- Some legislators have proposed placing significant restrictions on the credit default swap market
- Those spearheading these efforts wrongly assume credit default swaps are a source of instability in the financial system
- In reality, these instruments are useful tools for managing risk, making credit less expensive and more readily available
The vast derivatives market has become a modern-day Salem Village, but today's witch hunts aren't about harpies on flying brooms with pointy black hats. These days, the focus is squarely on credit default swaps (aka CDS). Today, the pitchfork is being wielded by Congressman Collin Peterson of Minnesota who is crafting a bill to ban CDS trading by parties not holding the underlying debt these instruments insure.
CDS are financial derivatives that act like insurance policies on various types of debt. If an investor is worried about a bond defaulting, she can often buy a CDS to protect the bond's principal. Speculators are also active in the CDS market, looking to profit as default risks rise and fall. But CDS are unregulated and poorly understood by most people. That's probably the reason they've been treated so shabbily by the media. Often, critics of CDS cite the fact the amount of insurance issued via CDS (known as the notional value) far exceeds the value of debt they're intended to insure. But that doesn't necessarily mean CDS pose a systemic risk to financial markets. On the contrary, CDS and other derivatives provide distinct benefit by enabling investors and companies of all kinds to better manage their risk.
CDS aren't standardized and don't trade on exchanges. So an investor (normally large, institutional investors) holding a CDS contract often can't simply sell it. Instead, she'll likely have to enter into another CDS contract to cancel out the first one. These offsetting contracts mean the actual amount of risk associated with CDS is far lower than the total amount of outstanding CDS. For example, when Lehman Brothers went bankrupt last year, headlines warned of the $400 billion worth of CDS on Lehman debt that would have to be settled. The stock market plummeted as investors fretted the impact of these massive losses. But once all the offsetting contracts were cancelled out and the collateral already posted was taken into account, the actual money left to change hands was about 2% of the $400 billion people feared.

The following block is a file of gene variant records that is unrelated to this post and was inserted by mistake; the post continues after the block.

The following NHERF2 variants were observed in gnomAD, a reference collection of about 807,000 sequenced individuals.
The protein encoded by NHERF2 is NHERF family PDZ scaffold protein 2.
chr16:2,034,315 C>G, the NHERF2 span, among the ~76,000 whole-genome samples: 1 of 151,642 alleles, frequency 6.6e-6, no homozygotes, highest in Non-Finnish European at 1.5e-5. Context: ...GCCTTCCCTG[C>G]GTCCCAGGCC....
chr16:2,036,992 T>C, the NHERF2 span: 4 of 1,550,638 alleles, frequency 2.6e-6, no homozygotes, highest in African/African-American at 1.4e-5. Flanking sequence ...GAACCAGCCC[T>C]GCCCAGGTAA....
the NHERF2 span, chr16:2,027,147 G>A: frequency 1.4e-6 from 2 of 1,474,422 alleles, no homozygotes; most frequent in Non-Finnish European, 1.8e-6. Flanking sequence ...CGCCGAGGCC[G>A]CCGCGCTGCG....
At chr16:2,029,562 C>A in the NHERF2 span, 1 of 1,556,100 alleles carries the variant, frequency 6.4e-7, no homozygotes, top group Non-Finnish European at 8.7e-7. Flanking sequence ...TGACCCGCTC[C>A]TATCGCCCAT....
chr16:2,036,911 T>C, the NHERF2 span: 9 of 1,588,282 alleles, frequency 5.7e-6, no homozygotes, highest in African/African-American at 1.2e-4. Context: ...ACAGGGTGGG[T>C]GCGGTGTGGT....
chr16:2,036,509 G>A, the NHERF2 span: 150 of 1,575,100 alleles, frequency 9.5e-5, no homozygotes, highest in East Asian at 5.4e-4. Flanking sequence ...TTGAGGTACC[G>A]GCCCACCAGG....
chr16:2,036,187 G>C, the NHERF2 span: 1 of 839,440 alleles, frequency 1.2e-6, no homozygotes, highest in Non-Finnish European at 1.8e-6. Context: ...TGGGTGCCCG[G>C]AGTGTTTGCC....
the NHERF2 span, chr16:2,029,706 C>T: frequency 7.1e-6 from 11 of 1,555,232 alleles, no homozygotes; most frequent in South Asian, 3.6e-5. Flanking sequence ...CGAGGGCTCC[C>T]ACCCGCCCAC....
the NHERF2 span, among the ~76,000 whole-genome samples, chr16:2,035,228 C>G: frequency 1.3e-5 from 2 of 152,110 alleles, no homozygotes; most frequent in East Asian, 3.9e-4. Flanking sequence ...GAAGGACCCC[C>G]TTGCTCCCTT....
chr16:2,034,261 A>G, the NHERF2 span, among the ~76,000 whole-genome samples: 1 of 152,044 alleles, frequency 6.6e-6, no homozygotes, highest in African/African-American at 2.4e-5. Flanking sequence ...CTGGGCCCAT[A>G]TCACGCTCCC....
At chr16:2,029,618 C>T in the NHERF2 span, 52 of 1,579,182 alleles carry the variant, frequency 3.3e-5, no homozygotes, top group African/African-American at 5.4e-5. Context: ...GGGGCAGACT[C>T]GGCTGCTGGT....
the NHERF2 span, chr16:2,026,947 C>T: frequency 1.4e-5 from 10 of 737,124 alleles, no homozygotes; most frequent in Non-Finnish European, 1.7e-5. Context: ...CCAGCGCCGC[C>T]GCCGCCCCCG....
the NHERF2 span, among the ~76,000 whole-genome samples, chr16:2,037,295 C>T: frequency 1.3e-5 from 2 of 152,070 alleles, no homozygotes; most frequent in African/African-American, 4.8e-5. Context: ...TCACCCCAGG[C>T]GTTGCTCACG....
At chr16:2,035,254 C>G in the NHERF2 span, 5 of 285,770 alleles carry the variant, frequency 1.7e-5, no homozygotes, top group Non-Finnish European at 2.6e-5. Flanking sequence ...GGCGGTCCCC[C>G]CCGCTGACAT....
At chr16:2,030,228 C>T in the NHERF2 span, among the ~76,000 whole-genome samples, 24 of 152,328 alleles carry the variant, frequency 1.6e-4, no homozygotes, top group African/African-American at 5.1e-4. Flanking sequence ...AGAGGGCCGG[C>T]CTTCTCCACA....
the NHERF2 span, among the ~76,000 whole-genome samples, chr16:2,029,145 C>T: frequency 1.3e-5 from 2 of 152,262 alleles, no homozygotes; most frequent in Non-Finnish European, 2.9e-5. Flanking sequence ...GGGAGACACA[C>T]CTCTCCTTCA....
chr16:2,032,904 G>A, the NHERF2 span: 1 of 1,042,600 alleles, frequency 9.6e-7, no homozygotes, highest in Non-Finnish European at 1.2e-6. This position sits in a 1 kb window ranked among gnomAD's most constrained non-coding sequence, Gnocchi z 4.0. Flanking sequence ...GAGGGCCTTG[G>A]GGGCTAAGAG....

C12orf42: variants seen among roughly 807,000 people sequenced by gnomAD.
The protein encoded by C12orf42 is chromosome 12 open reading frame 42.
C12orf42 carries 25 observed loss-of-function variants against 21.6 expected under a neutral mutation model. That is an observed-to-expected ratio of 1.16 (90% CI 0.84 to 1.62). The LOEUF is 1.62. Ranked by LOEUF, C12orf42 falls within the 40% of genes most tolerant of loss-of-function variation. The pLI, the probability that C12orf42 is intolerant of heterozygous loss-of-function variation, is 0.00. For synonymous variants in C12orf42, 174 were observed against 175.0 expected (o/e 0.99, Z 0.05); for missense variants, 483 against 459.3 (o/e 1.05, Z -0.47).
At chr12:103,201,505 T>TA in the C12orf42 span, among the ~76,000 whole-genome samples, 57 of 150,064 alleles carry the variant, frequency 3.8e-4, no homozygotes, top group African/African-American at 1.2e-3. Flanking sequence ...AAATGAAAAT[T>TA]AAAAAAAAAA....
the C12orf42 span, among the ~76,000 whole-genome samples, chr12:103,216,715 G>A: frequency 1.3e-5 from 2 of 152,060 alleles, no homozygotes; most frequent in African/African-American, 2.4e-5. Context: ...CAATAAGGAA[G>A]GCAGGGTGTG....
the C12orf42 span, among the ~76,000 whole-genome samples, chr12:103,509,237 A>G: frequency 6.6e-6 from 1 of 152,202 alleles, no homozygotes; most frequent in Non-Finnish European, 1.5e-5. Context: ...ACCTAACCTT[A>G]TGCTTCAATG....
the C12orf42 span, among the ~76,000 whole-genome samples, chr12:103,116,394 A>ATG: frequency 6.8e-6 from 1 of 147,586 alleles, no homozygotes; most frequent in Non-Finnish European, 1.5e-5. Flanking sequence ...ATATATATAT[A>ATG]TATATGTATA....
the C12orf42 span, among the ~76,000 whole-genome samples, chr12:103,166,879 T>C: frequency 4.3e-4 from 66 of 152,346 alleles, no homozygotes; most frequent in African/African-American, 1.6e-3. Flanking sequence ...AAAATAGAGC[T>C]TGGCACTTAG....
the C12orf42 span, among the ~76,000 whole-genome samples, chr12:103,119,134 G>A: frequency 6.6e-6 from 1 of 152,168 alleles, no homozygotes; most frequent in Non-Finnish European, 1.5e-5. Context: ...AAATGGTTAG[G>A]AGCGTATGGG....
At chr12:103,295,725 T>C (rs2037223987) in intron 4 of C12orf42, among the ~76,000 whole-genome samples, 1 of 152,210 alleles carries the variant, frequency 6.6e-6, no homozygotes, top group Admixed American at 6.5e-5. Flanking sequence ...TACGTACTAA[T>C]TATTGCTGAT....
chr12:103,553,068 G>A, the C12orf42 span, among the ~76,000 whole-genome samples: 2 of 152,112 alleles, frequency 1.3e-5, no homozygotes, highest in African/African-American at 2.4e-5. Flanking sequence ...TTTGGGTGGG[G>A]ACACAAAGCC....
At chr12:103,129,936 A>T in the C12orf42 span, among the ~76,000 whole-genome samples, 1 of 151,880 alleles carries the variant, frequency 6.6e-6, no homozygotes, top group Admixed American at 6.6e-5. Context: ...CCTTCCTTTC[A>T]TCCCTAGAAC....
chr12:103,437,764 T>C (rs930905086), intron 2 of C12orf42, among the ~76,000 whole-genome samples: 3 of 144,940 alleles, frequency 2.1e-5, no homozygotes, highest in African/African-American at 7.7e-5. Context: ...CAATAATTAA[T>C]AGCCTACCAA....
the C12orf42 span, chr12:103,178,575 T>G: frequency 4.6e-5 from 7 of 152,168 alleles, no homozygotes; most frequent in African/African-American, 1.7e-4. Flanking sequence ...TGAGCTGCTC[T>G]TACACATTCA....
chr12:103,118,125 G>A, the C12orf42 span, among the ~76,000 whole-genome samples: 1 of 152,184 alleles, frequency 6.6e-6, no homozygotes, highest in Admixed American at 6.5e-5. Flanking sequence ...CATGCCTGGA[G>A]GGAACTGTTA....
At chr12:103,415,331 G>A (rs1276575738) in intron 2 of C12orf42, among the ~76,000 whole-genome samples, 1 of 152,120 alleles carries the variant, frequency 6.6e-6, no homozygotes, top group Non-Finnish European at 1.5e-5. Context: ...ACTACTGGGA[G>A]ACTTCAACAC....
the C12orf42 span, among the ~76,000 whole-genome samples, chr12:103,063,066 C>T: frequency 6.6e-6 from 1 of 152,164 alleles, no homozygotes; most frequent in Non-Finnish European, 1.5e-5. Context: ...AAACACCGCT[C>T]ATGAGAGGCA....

This ill-conceived move to inhibit trading in the CDS markets is similar to the ban on short selling in financial shares implemented last year in order to "protect investors and markets." Yet the stock market fell faster during the short sale ban than any other time in 2008. This period of less than a month (September 19—October 9) accounted for over 44% of the total drop in the S&P 500! Did the short selling ban cause this rapid decline? Probably not. But the ban sure didn't diminish market volatility as intended. The short-selling uptick rule, which necessitated an uptick in a stock's price before shares could be sold short, had a similarly negligible benefit.
So what's likely to happen if the CDS market shrinks dramatically or disappears altogether? Higher borrowing costs and less access to credit could be an unintended consequence. If investors can't offset the risk of default, they'll undoubtedly demand higher interest rates or eschew lending altogether. Obviously, that wouldn't help already constrained credit markets.
Amid the tumult of today's headlines about big new stimulus plans, this is an issue worth watching. Fortunately, the proposed bill is still in its nascent stages and is a long way from becoming law. And an effort to trade CDS on exchanges where they'll be standardized, more transparent, and largely stripped of counterparty risk has a significant head start and has been gaining traction. Moving CDS to exchanges is a far better option as it would enable these vehicles to continue to serve as effective risk-reducers.